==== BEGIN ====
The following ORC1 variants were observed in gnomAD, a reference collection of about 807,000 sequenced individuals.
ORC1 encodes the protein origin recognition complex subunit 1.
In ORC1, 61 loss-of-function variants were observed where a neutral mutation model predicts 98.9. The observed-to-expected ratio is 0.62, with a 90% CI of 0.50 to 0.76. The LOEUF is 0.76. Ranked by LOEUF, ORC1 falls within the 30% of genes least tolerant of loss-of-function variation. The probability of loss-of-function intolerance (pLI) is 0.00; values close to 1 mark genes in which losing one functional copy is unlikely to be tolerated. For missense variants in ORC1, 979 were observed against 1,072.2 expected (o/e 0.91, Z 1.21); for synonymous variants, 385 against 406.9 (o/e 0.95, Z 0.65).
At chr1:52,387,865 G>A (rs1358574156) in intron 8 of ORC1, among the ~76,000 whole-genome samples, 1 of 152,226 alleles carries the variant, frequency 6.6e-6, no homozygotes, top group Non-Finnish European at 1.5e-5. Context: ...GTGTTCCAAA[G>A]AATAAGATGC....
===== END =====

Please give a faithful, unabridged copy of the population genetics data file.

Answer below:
The following ORC1 variants were observed in gnomAD, a reference collection of about 807,000 sequenced individuals.
ORC1 encodes the protein origin recognition complex subunit 1.
In ORC1, 61 loss-of-function variants were observed where a neutral mutation model predicts 98.9. The observed-to-expected ratio is 0.62, with a 90% CI of 0.50 to 0.76. The LOEUF is 0.76. Ranked by LOEUF, ORC1 falls within the 30% of genes least tolerant of loss-of-function variation. The probability of loss-of-function intolerance (pLI) is 0.00; values close to 1 mark genes in which losing one functional copy is unlikely to be tolerated. For missense variants in ORC1, 979 were observed against 1,072.2 expected (o/e 0.91, Z 1.21); for synonymous variants, 385 against 406.9 (o/e 0.95, Z 0.65).
At chr1:52,387,865 G>A (rs1358574156) in intron 8 of ORC1, among the ~76,000 whole-genome samples, 1 of 152,226 alleles carries the variant, frequency 6.6e-6, no homozygotes, top group Non-Finnish European at 1.5e-5. Context: ...GTGTTCCAAA[G>A]AATAAGATGC....